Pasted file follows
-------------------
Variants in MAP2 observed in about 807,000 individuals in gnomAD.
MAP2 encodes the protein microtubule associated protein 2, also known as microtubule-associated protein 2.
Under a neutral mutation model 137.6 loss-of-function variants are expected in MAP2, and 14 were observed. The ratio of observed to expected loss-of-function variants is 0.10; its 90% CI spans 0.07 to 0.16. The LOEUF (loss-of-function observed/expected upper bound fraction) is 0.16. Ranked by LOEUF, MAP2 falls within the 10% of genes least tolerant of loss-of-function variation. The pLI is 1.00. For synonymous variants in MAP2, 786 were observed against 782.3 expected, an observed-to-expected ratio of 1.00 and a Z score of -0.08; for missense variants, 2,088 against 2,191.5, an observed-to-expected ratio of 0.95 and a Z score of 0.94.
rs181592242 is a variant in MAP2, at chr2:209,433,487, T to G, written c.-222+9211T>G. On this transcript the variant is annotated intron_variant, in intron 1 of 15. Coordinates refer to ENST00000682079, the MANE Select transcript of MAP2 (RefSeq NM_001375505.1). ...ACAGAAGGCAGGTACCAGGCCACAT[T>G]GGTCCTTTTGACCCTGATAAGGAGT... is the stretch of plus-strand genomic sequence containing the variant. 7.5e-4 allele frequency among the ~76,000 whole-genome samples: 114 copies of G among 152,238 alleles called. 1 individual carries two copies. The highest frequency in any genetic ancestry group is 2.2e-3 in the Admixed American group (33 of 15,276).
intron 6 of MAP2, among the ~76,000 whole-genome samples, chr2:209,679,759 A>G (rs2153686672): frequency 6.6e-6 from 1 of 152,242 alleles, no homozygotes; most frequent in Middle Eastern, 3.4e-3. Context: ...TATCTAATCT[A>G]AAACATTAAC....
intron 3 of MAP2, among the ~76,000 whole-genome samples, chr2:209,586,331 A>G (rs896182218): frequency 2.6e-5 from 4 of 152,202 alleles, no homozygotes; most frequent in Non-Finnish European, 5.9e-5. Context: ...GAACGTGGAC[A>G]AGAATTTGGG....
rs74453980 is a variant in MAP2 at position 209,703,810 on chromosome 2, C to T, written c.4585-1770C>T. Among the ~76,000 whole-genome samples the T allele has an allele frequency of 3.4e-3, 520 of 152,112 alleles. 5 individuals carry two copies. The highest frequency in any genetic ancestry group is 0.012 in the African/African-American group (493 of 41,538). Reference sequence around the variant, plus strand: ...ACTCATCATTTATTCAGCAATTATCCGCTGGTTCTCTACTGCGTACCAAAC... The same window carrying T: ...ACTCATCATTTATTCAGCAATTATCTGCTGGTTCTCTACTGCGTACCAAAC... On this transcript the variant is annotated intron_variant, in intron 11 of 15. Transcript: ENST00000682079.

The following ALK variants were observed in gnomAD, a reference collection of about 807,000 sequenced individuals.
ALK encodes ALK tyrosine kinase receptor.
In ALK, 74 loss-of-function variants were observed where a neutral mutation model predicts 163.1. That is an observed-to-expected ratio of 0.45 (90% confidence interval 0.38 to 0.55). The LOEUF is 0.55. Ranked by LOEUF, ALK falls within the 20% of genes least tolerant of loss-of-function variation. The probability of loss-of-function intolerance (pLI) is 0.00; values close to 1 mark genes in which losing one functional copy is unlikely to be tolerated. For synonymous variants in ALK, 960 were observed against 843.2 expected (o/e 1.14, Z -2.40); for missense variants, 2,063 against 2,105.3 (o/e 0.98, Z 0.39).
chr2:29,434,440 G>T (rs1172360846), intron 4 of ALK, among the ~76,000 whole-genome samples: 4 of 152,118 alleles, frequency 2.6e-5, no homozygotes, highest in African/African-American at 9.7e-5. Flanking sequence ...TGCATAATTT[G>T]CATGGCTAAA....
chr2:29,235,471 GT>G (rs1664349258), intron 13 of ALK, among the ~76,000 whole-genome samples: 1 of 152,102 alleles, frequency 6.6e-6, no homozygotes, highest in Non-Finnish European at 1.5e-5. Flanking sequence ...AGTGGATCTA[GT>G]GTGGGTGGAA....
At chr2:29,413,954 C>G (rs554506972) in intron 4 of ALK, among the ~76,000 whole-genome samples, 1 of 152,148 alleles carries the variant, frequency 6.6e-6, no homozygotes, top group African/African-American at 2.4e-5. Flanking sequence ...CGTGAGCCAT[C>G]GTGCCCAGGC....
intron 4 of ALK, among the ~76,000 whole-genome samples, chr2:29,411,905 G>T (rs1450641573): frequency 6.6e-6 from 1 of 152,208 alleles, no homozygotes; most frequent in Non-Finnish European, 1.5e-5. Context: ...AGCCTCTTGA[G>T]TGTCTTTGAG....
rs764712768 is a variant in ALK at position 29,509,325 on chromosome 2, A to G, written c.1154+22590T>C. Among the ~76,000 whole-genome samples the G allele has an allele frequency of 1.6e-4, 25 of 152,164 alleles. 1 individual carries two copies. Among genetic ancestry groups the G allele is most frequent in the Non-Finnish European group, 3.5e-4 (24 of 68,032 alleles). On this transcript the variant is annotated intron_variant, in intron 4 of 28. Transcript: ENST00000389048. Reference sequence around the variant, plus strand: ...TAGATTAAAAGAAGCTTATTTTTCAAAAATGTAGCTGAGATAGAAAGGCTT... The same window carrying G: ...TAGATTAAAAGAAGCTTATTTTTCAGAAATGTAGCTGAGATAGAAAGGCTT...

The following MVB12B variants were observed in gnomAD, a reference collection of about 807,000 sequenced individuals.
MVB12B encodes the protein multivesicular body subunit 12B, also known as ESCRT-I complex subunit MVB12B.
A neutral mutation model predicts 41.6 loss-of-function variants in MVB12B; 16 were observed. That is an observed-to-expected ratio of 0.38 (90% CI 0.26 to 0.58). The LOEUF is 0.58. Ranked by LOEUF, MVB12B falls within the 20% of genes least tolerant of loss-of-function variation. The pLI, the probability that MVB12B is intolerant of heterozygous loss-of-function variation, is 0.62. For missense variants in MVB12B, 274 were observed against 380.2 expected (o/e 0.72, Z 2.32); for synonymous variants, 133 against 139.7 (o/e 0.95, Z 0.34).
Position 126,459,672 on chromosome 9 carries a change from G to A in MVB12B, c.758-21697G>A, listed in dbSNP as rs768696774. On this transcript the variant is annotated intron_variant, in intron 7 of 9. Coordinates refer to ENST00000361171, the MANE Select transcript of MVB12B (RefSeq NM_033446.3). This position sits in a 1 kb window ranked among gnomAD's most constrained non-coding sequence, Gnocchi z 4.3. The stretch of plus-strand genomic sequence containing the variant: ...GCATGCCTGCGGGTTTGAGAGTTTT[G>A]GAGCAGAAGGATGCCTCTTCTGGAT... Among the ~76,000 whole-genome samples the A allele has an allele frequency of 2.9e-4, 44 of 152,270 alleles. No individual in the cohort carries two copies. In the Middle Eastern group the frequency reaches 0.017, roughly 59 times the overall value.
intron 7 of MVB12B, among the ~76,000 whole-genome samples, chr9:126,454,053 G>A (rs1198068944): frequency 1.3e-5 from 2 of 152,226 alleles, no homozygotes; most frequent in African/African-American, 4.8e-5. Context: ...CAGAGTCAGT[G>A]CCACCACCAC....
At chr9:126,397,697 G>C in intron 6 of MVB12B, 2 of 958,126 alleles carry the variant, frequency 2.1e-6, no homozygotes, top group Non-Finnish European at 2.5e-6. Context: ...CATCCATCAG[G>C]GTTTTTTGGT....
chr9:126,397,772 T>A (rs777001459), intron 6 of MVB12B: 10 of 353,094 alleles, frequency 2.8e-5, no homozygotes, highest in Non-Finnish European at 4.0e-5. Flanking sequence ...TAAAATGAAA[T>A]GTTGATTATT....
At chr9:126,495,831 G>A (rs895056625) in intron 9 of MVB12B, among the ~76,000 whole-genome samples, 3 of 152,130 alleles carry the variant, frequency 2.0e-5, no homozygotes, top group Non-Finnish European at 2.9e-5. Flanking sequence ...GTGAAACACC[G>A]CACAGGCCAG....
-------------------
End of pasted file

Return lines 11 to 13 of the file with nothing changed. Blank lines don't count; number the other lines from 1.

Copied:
chr2:29,434,440 G>T (rs1172360846), intron 4 of ALK, among the ~76,000 whole-genome samples: 4 of 152,118 alleles, frequency 2.6e-5, no homozygotes, highest in African/African-American at 9.7e-5. Flanking sequence ...TGCATAATTT[G>T]CATGGCTAAA....
chr2:29,235,471 GT>G (rs1664349258), intron 13 of ALK, among the ~76,000 whole-genome samples: 1 of 152,102 alleles, frequency 6.6e-6, no homozygotes, highest in Non-Finnish European at 1.5e-5. Flanking sequence ...AGTGGATCTA[GT>G]GTGGGTGGAA....
At chr2:29,413,954 C>G (rs554506972) in intron 4 of ALK, among the ~76,000 whole-genome samples, 1 of 152,148 alleles carries the variant, frequency 6.6e-6, no homozygotes, top group African/African-American at 2.4e-5. Flanking sequence ...CGTGAGCCAT[C>G]GTGCCCAGGC....